“We don’t quit!”: Reflections after tonight’s SOTU address

Tonight while watching the State of the Union address, I thought back to the fall of 2008 and remembered how hopeful people were. Once Barack Obama is in office, they said, everything will be better.  My belly dance teacher thought her business would boom again, my friends who’d been laid off were sure they’d find work, and my mom called me on election night and declared, “Things ’bout to change now!” 

My expectations were not as lofty. Not because I doubted Obama’s sincerity, but because I knew, as President Obama said in his speech tonight, that change would not be easy. 

I must say I’ve been even less hopeful this past year. With all the bickering between political parties over bank bailouts, health-care reform and national security, my dreams of unity were dashed. I’ve been fortunate enough to hold on to employment during this recession. As you all know, I changed careers last summer. My husband quit his job so I could seize this opportunity, but he was able to find a new one. I can’t deny we’ve been blessed. But I have too many friends holding a college degree in one hand and a pink slip in the other. There was a time when I believed that, as Obama said tonight, education was the key to ending poverty. But these days my faith in that notion is shaky — and this is coming from a teacher!

I lie awake at night worried about health care. I worry I won’t be able to afford my lupus medication and doctor visits — and I have health insurance! What about my friend who’s exhibiting a host of lupus symptoms, but can’t be tested because she has no coverage? 

But our president is aware of the waning hope in the hearts of Americans, and I believe he truly wants to inspire us once again. Tonight he said he knows many doubt if he can actually live up to his campaign slogan of “Change You Can Believe In.” He took the blame for not making the health-care reform bill more understandable for the American people. I applaud his humility. (I also appreciate that he basically told everyone one in the room to grow up and even called out the Supreme Court justices while they were sitting right in front of him. Awesomeness!)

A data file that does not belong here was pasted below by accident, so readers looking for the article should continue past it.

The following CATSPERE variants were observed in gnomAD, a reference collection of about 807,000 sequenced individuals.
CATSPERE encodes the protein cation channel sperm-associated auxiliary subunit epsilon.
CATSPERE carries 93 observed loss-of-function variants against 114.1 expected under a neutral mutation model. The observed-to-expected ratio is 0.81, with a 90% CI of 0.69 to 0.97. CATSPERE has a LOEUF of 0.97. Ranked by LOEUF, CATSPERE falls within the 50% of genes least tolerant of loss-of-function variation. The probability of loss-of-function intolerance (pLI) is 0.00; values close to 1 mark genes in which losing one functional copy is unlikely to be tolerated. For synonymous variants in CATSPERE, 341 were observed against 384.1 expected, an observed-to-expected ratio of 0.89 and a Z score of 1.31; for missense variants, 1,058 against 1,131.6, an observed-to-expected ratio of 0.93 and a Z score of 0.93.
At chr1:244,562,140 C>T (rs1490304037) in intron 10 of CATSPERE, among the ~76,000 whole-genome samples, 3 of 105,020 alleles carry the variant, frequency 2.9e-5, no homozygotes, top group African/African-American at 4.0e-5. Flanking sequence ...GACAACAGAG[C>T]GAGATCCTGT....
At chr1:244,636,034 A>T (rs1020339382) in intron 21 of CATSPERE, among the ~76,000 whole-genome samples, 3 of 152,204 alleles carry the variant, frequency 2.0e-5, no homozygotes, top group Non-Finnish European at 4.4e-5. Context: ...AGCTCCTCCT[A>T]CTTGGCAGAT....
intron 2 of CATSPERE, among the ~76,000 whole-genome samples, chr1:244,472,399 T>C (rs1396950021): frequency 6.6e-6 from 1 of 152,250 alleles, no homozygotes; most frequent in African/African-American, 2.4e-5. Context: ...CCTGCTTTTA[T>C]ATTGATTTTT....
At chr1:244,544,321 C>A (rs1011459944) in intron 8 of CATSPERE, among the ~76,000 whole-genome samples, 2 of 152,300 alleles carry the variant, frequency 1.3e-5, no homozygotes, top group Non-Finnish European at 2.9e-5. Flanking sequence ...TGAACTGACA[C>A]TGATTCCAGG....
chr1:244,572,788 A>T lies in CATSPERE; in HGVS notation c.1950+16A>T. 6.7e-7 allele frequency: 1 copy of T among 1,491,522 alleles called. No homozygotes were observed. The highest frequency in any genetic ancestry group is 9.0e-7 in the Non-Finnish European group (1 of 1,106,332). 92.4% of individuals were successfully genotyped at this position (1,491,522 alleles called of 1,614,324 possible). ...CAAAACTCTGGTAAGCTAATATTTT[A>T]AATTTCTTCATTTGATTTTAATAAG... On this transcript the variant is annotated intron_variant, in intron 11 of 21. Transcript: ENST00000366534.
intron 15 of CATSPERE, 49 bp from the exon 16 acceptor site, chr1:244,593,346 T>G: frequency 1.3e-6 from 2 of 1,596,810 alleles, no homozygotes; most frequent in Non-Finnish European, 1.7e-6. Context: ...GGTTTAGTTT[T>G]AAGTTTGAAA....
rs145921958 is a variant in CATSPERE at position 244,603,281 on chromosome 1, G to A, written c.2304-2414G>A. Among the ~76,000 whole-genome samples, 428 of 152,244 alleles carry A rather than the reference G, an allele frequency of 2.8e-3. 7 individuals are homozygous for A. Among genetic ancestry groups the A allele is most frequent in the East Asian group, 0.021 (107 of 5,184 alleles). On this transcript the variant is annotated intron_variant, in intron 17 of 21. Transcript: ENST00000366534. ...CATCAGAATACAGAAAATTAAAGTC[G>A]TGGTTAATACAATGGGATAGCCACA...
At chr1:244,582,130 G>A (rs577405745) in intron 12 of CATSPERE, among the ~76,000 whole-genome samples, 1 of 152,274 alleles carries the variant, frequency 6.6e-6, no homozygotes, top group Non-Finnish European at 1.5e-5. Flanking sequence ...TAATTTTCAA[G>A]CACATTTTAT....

Obama left us with words that I know I needed to hear. He reminded us that change will not be easy and that he cannot do this alone. He reminded us that democracy is “noisy, messy, and complicated.” But he also reminded us of the resilience of our forefathers (and mothers) and made us a promise with the statement: “We don’t quit. I don’t quit.”

 Well said, Mr. President. This girl is still in the fight. 



  1. I know health care is a sore topic with everyone these days. I worry about if I will have a job (and benefits) by the time the baby comes, and if I don’t, how the heck are we going to pay for labor and delivery and peds appts and everything else. But I don’t think that relying on the government to solve this hypothetical problem for me is the answer. Thanks for the insights on Obama’s speech. I only got the wire versions (and still didn’t get to read all of it)…

  2. On one hand I am very inspired by our president. His hope and determination certainly beg us to do something ourselves. On the other hand, I can’t help but see the division among our law makers and say to myself, “we’re never going to get anything done.” I think that our president is powerless to change the hearts of his congress, and I think we the people deserve better than having people simply vote for bills because its their party’s will. I think what Obama needs in order to get anything done is for people to start thinking and voting for themselves. So all he really needs to do is to keep trying to convince senators and reps to do so.

  3. Real talk, Matt. You could see the division between lawmakers last night.

    THAT’S the real problem.

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